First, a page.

This presentation introduces the spectroscopic concepts and results enabled by arrays of Distributed Feedback (DFB) QCLs, with each element at a slightly different wavelength than its neighbor. In portable optical systems, such as standoff threat detectors and in situ gas analyzers, this increases analyte sensitivity and selectivity by broadening spectral source coverage while also allowing for extremely fast all-electronic wavelength tuning with no moving parts.
This talk will first present the QCL array and its packaging, then move into the description of an integrated prototype standoff detection system, and finally show condensed phase standoff threat detection results from a handheld system from over 1 meter. These data are each compared with legacy contact-based methods to ensure that the technique can be reliably deployed to handheld chemical analysis using suitable chemometric algorithms.
The data show how monolithic and all-electronic tuning enables next-generation spectroscopes that are not only more robust and miniature than those that utilize external cavity-tuned lasers, but that are inherently more stable in terms the shot-to-shot amplitude and wavelength parameters. This enhanced stability increases signal to noise for a given configuration (pathlength, averaging time, concentration, etc…). Some discussion of how to maximize the benefits of high speed, highly reproducible tuning is presented, including detector, preamplifier, and digitization considerations.
Quantitative laser spectroscopic measurements of complex molecules that have a broad absorption spectra require broadly tunable laser sources operating preferably in the mid-infrared molecular fingerprint region. In this paper a novel broadband mid-infrared laser source comprising of an array of single-mode distributed feedback quantum cascade lasers was used to target a broadband absorption feature of benzene (C6H6), a toxic and carcinogenic atmospheric pollutant.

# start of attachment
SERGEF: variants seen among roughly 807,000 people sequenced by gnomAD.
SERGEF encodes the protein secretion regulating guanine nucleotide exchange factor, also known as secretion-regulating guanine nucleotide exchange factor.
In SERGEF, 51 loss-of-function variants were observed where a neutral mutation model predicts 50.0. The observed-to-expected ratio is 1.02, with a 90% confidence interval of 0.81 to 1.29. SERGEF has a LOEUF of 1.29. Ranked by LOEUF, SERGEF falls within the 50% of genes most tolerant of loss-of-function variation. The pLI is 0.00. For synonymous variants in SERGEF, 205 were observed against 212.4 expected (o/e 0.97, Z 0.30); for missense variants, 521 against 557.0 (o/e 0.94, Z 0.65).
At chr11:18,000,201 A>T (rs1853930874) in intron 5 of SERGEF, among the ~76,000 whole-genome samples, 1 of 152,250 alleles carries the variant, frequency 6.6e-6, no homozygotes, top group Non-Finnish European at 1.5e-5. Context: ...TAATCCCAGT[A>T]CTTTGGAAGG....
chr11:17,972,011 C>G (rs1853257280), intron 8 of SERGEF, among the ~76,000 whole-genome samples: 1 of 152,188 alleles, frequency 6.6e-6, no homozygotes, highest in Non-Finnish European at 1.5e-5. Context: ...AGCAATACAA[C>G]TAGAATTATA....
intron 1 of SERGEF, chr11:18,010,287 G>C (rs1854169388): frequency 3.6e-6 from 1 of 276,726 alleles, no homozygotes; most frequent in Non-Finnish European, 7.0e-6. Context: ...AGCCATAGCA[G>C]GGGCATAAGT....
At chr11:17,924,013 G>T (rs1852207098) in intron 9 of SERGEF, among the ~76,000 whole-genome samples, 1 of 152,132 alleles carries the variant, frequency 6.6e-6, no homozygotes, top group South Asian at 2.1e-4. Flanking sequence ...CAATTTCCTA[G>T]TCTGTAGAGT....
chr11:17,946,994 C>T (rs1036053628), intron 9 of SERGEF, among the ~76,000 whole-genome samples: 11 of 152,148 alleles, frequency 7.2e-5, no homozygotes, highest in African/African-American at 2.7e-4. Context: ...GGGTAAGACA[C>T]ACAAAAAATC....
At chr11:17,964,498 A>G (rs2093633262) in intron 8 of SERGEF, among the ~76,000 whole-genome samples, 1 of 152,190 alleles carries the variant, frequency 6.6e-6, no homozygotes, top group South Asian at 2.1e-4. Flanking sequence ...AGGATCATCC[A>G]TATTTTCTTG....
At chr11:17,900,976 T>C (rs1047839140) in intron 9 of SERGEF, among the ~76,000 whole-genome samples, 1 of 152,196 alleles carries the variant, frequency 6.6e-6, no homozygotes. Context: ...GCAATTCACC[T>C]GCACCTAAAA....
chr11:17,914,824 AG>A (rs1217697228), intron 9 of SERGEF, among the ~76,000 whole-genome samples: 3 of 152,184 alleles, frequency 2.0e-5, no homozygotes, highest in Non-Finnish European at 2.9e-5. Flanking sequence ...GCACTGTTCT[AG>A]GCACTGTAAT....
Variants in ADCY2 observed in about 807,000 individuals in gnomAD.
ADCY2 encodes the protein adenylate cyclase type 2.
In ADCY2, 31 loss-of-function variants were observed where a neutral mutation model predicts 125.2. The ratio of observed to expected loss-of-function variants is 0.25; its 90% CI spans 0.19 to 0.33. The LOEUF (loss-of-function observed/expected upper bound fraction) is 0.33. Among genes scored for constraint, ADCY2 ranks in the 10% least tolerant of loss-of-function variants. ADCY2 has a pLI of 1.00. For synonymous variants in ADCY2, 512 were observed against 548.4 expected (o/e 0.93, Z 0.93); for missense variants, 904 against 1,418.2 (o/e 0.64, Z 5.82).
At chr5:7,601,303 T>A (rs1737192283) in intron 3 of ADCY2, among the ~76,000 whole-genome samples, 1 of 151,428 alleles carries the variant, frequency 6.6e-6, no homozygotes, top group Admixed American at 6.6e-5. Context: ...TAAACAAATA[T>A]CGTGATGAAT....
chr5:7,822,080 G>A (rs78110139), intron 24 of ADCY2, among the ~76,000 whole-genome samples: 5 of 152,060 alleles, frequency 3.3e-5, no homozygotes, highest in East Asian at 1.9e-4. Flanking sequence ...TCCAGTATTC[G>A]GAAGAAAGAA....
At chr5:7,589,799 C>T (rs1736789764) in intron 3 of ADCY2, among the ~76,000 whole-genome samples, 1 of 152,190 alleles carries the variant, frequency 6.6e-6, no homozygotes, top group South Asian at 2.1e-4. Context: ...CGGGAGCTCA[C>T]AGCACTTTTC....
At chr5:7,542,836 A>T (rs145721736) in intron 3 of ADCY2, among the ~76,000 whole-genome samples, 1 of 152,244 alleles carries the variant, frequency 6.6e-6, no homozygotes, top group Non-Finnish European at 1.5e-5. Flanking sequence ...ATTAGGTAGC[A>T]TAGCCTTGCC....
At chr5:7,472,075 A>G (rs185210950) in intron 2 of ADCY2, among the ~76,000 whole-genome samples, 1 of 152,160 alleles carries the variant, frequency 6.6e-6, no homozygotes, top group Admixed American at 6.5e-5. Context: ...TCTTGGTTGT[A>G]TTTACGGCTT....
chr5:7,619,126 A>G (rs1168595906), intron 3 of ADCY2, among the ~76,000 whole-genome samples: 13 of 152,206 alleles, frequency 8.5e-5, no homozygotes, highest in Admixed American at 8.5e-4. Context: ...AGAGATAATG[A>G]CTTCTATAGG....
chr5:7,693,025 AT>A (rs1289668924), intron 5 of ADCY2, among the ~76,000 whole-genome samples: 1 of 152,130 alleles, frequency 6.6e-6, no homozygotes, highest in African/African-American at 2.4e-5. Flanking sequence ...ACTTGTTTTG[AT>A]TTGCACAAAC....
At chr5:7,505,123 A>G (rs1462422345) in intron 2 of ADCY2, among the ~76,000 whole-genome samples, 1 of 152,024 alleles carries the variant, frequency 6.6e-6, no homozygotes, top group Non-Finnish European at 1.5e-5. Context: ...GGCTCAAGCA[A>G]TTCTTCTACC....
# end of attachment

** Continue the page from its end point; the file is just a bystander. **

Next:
The DFB-QCL array is a monolithic semiconductor device with no opto-mechanical components, which eliminates issues with mechanical vibrations. The DFB-QCLs array used in this work provides spectral coverage from 1022.5 cm-1 to 1053.3 cm-1, which is sufficient to access the absorption feature of benzene at 1038 cm-1 (9.64 μm).
A sensor prototype based on a 76 m multipass cell (AMAC-76LW, Aerodyne Research) and a dispersive DFB-QCL array beam combiner was developed and tested. The Allan deviation analysis of the retrieved benzene concentration data yields a short-term precision of 100 ppbv/Hz1/2 and a minimum detectable concentration of 12 ppbv for 200 s averaging time. The system was also tested by sampling atmospheric air as well as vapors of different chemical products that contained traces of benzene.